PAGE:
In steps Brad Penny. Penny was far from a spring chicken as a 31 year old starter who had been pitching consistently in the majors since 2000. Between 2003 and 2007, Penny had started at least 24 games every year and posted at least 3 fWAR in each of those seasons, highlighted by a 4.4 WAR season across 33 starts in 2007 with the Dodgers. He even started for the N.L. squad at the 2006 All Star Game! Injuries derailed him in a miserable 2008 in L.A., and while he was able to do a little better in 2009 pitching for both the Red Sox and Giants, he was clearly still affected and not pitching like his old self.
As a 31 year old starter coming off of two bad seasons, he was clearly available to be had on a short-term deal for some team that was willing to take a chance on him. Just as they had for the likes of Joel Pineiro and Kyle Lohse before him, the Cardinals stepped in, and with their confidence behind their coaching staff, were willing to be that team. Penny signed a one-year deal with the Cardinals and took the final starting slot heading into 2010.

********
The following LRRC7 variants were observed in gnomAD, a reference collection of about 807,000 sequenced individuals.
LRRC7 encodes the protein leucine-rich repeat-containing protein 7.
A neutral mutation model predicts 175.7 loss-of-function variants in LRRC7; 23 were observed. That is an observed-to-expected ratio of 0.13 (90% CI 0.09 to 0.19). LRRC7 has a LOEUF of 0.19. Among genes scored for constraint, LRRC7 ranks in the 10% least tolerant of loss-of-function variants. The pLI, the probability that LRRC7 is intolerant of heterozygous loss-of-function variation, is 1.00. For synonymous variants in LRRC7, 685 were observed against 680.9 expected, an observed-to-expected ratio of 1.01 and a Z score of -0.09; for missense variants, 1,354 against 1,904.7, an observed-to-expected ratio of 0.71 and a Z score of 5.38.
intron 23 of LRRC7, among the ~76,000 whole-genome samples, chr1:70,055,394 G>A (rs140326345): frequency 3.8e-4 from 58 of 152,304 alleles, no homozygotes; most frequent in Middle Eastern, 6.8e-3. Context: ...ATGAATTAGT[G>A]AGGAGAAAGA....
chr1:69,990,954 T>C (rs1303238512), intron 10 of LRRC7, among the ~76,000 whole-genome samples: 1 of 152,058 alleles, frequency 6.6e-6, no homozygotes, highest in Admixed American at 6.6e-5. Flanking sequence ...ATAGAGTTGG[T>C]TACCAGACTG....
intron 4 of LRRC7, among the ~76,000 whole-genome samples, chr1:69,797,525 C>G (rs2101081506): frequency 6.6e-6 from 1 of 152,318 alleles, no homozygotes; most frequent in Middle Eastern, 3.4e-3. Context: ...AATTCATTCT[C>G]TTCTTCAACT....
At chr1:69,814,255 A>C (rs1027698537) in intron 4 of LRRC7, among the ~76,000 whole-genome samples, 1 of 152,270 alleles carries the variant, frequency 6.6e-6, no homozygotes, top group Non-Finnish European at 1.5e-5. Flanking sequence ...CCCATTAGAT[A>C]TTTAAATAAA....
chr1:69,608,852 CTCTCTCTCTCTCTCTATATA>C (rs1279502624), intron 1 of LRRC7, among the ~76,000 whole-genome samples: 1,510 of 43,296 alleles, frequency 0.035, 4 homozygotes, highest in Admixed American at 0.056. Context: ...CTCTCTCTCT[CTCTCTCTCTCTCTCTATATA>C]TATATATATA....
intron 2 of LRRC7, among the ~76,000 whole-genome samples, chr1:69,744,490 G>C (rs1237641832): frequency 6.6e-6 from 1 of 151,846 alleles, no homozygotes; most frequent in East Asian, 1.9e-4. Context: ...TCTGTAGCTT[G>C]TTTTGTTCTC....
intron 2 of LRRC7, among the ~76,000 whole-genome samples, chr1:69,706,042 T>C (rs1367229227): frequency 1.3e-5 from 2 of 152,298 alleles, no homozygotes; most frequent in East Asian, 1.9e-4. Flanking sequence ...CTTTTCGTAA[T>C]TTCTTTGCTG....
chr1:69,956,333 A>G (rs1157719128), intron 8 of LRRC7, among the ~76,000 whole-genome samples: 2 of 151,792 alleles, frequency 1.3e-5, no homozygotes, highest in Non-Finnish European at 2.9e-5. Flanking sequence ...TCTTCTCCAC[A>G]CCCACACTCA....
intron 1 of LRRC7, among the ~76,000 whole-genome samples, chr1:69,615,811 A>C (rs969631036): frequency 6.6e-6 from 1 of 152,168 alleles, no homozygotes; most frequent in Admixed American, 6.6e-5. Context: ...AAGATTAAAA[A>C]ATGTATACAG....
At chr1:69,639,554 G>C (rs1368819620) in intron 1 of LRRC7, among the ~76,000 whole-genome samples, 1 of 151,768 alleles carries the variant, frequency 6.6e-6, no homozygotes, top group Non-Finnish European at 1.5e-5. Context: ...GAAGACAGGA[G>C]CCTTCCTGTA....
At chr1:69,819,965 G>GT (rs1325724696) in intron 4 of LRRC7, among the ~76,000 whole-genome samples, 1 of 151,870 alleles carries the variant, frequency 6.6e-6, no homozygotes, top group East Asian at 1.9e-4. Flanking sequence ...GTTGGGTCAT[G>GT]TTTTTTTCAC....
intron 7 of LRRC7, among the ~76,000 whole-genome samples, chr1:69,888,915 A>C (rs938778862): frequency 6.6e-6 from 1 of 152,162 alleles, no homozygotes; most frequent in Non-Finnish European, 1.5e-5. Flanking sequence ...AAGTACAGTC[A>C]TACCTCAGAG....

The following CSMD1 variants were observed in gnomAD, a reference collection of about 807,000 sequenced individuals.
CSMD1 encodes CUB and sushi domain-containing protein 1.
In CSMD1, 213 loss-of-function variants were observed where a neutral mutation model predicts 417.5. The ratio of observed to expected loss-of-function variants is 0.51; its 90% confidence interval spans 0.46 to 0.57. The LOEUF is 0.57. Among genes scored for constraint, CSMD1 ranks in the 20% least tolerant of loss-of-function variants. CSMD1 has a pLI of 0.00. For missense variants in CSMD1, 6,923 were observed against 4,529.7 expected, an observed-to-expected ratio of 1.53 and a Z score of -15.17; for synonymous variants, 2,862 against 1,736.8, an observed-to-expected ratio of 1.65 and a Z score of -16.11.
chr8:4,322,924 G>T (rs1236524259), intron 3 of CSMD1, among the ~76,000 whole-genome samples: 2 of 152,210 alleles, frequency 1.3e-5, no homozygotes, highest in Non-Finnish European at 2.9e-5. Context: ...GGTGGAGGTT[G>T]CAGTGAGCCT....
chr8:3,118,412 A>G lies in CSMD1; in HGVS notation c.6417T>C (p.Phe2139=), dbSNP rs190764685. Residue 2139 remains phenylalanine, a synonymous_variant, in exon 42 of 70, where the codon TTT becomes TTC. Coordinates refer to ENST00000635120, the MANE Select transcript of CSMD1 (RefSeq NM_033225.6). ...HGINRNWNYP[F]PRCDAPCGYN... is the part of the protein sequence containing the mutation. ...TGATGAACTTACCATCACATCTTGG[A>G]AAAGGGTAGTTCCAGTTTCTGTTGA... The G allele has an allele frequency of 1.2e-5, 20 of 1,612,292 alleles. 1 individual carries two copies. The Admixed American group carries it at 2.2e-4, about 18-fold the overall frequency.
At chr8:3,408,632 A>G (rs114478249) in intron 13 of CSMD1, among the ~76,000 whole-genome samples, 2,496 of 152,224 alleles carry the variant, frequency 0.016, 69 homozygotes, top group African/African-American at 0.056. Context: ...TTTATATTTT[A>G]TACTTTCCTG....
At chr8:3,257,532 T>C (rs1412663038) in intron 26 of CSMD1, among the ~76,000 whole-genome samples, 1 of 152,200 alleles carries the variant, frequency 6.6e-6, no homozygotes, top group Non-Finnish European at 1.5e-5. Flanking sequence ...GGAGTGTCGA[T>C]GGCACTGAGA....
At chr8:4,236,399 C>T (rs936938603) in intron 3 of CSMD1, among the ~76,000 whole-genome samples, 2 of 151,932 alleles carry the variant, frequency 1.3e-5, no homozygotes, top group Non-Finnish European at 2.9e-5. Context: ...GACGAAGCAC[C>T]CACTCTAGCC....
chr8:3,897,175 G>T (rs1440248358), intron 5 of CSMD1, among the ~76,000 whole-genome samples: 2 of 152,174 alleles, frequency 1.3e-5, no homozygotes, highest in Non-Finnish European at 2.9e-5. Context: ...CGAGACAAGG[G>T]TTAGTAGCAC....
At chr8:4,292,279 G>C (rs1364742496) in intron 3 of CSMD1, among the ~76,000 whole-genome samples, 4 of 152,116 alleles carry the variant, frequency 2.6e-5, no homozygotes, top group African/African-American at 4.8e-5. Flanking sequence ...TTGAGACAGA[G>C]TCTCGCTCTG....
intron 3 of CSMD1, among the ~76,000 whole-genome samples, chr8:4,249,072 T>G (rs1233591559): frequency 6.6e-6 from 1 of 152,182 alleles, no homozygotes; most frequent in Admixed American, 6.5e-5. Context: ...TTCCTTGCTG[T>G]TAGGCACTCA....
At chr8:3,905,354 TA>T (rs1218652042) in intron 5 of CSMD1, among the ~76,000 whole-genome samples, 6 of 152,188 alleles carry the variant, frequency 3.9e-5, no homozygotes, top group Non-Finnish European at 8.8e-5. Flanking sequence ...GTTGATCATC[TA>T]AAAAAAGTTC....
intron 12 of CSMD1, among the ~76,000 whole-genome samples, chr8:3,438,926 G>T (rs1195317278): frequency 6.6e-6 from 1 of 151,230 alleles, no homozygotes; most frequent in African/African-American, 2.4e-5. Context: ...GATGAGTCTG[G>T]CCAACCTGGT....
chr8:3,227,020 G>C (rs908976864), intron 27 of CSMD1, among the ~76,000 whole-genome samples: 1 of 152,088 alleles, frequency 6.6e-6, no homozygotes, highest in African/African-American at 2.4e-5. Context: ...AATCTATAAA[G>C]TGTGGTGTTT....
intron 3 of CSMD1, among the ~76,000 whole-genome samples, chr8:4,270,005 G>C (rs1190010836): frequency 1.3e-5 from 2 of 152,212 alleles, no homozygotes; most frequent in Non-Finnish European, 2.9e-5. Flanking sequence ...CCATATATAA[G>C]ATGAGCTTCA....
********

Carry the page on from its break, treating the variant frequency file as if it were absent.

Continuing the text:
The investment seemed early on to be a good one. Across 9 starts, he threw for a 3.23 ERA and a 3.40 FIP, and was on pace for around a 3 WAR season. A small sample size to be sure, but these were the sorts of numbers that had not been seen from him since before his injury troubles- in fact, the 3.40 FIP was better than any single-season mark he had ever posted. There was no doubt that he had found his stride, the only question was whether he could sustain it. That was a question mark, for sure, but for the time being, it at least seemed like Dave Duncan had once again worked his magic.